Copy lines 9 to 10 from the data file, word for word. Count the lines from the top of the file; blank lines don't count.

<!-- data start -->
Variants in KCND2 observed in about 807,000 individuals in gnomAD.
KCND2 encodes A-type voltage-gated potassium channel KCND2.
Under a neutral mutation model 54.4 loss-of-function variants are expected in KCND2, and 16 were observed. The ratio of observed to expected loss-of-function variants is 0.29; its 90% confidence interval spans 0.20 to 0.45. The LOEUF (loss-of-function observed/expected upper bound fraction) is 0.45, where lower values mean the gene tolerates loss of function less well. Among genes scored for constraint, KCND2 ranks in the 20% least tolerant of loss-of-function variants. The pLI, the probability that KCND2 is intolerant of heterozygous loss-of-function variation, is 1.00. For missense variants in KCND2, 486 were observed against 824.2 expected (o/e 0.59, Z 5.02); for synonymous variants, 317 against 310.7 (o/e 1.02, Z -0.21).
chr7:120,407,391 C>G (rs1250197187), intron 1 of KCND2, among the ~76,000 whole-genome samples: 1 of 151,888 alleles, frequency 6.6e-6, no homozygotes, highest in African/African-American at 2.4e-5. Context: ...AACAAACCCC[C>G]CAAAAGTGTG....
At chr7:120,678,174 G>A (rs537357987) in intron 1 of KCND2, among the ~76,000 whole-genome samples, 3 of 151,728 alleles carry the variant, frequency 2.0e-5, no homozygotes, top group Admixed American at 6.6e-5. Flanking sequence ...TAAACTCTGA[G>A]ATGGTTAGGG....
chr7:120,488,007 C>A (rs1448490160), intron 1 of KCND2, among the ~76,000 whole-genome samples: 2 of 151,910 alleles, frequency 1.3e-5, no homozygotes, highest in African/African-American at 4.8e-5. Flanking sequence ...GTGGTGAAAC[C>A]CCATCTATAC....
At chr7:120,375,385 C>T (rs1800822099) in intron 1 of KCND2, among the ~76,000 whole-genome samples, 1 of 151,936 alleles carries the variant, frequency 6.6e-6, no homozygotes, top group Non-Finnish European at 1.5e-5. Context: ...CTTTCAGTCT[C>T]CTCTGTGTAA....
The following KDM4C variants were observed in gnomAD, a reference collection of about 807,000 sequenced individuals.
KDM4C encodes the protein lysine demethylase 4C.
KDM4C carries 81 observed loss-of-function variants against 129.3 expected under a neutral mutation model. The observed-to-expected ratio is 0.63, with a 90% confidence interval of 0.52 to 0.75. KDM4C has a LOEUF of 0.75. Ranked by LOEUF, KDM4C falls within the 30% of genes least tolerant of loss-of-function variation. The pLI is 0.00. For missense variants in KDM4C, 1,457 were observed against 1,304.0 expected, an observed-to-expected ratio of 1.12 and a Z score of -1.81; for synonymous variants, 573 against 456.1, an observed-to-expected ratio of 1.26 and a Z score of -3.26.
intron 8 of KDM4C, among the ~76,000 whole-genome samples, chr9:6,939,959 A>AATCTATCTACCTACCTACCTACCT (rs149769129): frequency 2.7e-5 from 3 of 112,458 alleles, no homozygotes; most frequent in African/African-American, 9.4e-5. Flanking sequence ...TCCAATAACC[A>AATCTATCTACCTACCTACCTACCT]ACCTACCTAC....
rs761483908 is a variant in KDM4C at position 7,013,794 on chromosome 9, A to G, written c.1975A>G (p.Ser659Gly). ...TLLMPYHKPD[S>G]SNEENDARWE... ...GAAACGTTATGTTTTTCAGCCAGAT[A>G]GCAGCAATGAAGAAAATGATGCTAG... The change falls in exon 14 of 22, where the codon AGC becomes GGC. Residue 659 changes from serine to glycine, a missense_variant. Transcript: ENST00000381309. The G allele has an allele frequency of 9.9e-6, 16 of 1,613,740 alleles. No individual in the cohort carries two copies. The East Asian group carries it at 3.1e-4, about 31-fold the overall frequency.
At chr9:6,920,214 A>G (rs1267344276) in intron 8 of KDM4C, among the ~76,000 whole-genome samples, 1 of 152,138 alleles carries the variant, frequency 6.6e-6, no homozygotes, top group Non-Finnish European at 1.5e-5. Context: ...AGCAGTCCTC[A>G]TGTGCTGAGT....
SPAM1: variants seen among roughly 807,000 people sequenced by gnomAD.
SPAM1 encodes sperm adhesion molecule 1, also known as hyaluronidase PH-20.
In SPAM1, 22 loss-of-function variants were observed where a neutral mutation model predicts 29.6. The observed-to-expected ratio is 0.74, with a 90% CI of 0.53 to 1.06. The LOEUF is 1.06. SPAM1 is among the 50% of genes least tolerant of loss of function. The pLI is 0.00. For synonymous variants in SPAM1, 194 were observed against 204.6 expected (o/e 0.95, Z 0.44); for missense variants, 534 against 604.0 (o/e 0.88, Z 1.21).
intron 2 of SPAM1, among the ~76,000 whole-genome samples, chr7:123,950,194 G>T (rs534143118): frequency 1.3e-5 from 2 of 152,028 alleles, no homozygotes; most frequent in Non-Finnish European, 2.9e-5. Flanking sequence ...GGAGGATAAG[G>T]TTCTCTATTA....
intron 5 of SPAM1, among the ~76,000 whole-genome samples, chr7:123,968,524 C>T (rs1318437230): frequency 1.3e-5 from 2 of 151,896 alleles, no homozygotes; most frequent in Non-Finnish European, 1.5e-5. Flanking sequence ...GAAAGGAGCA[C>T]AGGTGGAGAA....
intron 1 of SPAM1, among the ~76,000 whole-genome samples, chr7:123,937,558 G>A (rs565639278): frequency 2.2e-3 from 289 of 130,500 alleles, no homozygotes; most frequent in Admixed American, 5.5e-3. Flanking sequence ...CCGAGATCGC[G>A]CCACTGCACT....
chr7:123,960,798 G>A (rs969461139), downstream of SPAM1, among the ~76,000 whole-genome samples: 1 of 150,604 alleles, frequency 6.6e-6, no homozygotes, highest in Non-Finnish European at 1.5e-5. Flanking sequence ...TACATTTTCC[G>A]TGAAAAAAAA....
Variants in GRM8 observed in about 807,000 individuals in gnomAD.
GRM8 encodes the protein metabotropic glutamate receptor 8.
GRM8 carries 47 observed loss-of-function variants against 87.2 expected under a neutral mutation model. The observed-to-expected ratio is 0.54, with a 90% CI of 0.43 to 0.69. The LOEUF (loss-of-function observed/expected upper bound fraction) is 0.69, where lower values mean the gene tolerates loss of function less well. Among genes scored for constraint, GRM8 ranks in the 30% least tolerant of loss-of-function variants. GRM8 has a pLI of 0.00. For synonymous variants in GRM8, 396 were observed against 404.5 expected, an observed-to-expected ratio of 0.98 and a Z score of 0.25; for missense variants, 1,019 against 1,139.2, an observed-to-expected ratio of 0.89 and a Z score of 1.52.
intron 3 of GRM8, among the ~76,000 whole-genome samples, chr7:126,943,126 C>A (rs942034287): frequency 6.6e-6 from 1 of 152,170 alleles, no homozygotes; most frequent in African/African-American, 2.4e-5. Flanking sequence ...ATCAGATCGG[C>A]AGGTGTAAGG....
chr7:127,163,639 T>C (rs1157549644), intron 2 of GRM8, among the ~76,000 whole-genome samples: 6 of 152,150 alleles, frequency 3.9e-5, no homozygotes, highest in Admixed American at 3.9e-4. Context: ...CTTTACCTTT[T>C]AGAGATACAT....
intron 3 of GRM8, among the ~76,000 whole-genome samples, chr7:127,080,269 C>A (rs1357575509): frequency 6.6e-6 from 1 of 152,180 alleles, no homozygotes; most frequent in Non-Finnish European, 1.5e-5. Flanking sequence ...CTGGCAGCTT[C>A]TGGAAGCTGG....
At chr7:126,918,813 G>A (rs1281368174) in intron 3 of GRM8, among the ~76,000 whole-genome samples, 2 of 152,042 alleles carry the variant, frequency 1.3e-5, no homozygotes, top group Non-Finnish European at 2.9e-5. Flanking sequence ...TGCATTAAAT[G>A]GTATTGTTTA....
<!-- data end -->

KDM4C encodes the protein lysine demethylase 4C.
KDM4C carries 81 observed loss-of-function variants against 129.3 expected under a neutral mutation model. The observed-to-expected ratio is 0.63, with a 90% confidence interval of 0.52 to 0.75. KDM4C has a LOEUF of 0.75. Ranked by LOEUF, KDM4C falls within the 30% of genes least tolerant of loss-of-function variation. The pLI is 0.00. For missense variants in KDM4C, 1,457 were observed against 1,304.0 expected, an observed-to-expected ratio of 1.12 and a Z score of -1.81; for synonymous variants, 573 against 456.1, an observed-to-expected ratio of 1.26 and a Z score of -3.26.